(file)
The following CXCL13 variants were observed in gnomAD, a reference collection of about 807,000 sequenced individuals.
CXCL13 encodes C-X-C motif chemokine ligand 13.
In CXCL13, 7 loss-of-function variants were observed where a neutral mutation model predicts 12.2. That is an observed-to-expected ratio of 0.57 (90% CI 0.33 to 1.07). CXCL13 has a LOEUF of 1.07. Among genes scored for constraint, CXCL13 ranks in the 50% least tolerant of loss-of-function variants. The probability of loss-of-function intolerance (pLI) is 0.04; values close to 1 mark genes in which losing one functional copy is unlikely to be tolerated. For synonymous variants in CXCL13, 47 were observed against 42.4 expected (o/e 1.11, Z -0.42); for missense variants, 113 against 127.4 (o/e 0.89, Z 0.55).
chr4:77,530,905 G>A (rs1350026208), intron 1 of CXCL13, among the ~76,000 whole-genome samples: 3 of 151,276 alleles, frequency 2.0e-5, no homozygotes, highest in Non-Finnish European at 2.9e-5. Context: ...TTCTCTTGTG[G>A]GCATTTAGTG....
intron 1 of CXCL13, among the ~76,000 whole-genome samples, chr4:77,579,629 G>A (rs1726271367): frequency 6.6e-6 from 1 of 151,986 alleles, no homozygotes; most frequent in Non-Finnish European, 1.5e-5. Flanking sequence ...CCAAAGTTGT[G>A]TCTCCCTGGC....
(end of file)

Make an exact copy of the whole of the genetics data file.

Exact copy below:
The following CXCL13 variants were observed in gnomAD, a reference collection of about 807,000 sequenced individuals.
CXCL13 encodes C-X-C motif chemokine ligand 13.
In CXCL13, 7 loss-of-function variants were observed where a neutral mutation model predicts 12.2. That is an observed-to-expected ratio of 0.57 (90% CI 0.33 to 1.07). CXCL13 has a LOEUF of 1.07. Among genes scored for constraint, CXCL13 ranks in the 50% least tolerant of loss-of-function variants. The probability of loss-of-function intolerance (pLI) is 0.04; values close to 1 mark genes in which losing one functional copy is unlikely to be tolerated. For synonymous variants in CXCL13, 47 were observed against 42.4 expected (o/e 1.11, Z -0.42); for missense variants, 113 against 127.4 (o/e 0.89, Z 0.55).
chr4:77,530,905 G>A (rs1350026208), intron 1 of CXCL13, among the ~76,000 whole-genome samples: 3 of 151,276 alleles, frequency 2.0e-5, no homozygotes, highest in Non-Finnish European at 2.9e-5. Context: ...TTCTCTTGTG[G>A]GCATTTAGTG....
intron 1 of CXCL13, among the ~76,000 whole-genome samples, chr4:77,579,629 G>A (rs1726271367): frequency 6.6e-6 from 1 of 151,986 alleles, no homozygotes; most frequent in Non-Finnish European, 1.5e-5. Flanking sequence ...CCAAAGTTGT[G>A]TCTCCCTGGC....